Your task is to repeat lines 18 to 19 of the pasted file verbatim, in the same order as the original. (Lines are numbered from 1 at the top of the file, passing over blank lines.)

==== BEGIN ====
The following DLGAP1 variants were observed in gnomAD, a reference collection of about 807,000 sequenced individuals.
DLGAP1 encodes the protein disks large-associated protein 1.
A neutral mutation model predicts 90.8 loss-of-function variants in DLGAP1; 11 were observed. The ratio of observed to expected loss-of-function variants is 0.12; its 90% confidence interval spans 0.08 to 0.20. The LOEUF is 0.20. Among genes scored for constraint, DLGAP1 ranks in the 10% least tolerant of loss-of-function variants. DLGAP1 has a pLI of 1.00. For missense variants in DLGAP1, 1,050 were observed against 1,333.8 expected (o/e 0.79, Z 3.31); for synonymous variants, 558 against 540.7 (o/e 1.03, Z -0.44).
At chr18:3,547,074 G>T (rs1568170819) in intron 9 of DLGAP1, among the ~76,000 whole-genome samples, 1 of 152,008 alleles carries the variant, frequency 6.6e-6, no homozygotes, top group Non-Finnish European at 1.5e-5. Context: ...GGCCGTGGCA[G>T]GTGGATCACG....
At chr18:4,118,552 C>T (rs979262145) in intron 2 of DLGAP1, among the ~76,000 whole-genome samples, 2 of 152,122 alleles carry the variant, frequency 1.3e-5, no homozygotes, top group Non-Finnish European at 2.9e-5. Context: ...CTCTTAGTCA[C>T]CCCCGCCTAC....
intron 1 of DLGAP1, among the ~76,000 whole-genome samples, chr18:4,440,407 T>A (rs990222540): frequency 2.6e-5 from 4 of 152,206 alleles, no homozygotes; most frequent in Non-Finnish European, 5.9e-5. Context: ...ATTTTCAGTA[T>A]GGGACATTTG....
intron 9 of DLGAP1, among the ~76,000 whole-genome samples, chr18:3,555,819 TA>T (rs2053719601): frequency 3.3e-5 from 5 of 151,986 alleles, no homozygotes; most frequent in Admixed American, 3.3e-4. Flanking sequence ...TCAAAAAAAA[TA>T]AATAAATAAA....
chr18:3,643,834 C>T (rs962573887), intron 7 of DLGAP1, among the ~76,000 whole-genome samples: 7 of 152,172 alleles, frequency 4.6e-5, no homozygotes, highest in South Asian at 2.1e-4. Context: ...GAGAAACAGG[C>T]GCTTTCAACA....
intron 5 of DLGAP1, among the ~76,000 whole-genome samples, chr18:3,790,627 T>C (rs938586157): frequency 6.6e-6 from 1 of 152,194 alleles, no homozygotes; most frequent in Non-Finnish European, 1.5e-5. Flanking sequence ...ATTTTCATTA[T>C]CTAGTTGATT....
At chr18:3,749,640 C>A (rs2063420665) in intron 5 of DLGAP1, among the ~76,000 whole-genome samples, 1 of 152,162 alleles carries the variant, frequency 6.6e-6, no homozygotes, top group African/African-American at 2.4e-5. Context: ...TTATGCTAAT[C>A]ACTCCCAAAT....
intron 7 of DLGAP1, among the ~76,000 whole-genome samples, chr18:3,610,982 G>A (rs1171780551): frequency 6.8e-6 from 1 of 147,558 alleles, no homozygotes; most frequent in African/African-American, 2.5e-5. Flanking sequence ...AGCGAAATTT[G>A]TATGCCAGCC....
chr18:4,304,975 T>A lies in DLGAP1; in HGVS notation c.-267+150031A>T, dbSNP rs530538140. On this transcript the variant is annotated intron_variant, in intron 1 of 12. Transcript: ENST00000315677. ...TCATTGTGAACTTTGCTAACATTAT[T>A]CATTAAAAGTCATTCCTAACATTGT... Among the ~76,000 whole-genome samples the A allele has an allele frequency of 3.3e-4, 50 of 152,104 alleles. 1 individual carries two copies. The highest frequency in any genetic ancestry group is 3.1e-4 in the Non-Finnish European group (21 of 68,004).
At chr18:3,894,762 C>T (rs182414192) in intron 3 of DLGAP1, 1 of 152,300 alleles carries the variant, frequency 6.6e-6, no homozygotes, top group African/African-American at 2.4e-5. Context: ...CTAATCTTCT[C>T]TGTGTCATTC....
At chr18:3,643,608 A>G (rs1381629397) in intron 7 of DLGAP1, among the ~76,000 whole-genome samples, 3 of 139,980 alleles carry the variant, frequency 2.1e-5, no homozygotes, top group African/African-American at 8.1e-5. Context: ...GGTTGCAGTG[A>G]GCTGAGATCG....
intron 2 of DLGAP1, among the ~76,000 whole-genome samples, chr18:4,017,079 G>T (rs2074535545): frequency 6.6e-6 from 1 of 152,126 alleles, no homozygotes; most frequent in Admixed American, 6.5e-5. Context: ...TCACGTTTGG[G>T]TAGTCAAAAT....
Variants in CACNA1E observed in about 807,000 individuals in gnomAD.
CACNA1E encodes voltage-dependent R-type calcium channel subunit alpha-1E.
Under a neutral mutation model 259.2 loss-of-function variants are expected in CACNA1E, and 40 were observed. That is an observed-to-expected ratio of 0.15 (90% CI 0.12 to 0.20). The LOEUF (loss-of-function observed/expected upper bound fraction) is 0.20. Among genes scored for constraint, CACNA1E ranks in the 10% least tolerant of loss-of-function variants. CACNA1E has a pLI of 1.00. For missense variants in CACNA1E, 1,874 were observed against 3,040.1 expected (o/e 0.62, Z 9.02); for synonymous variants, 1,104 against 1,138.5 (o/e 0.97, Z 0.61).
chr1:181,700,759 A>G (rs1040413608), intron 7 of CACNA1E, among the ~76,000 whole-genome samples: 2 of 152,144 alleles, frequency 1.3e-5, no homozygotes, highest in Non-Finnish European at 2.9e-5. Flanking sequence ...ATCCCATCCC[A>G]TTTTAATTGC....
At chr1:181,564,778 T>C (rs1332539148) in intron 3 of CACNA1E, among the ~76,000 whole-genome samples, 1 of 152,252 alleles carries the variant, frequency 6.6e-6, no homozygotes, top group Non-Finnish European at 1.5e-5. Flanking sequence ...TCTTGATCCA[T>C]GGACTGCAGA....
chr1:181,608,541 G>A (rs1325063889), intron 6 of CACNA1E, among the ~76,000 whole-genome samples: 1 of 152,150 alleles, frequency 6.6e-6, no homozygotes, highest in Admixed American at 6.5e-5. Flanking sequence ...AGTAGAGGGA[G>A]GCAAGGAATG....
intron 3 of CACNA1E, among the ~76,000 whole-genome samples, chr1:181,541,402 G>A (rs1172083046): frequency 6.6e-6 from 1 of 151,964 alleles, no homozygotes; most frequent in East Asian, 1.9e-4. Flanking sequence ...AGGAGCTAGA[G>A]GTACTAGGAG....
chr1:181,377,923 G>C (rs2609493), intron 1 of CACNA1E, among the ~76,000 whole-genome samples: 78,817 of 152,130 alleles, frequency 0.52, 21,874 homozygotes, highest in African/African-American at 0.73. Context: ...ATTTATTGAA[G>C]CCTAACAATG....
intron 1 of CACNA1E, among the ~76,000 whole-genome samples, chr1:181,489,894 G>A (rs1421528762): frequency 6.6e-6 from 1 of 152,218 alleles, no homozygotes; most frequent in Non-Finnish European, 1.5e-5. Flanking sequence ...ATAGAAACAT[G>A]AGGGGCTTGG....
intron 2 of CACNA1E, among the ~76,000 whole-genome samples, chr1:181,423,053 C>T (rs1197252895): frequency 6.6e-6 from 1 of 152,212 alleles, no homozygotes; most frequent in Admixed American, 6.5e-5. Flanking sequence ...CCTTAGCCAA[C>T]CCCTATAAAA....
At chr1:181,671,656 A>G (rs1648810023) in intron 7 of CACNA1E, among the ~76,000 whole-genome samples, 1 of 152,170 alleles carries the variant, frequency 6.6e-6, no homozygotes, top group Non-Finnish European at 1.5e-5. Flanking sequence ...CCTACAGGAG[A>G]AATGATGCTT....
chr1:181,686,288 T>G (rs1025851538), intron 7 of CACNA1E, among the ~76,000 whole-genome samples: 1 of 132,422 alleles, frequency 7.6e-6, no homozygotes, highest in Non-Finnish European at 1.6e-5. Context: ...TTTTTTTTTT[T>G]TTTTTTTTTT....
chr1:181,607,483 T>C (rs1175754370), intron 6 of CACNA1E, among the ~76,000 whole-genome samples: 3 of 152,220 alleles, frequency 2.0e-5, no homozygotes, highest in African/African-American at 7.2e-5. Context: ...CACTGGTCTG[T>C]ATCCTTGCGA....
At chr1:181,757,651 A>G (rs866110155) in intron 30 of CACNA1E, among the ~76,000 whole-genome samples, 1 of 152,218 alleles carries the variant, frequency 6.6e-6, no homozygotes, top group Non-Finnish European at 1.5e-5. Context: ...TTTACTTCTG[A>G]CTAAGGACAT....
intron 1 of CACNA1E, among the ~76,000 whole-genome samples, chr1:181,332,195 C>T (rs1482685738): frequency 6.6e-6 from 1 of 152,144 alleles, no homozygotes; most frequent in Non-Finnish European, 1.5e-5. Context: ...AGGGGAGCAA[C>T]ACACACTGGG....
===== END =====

Under a neutral mutation model 259.2 loss-of-function variants are expected in CACNA1E, and 40 were observed. That is an observed-to-expected ratio of 0.15 (90% CI 0.12 to 0.20). The LOEUF (loss-of-function observed/expected upper bound fraction) is 0.20. Among genes scored for constraint, CACNA1E ranks in the 10% least tolerant of loss-of-function variants. CACNA1E has a pLI of 1.00. For missense variants in CACNA1E, 1,874 were observed against 3,040.1 expected (o/e 0.62, Z 9.02); for synonymous variants, 1,104 against 1,138.5 (o/e 0.97, Z 0.61).
chr1:181,700,759 A>G (rs1040413608), intron 7 of CACNA1E, among the ~76,000 whole-genome samples: 2 of 152,144 alleles, frequency 1.3e-5, no homozygotes, highest in Non-Finnish European at 2.9e-5. Flanking sequence ...ATCCCATCCC[A>G]TTTTAATTGC....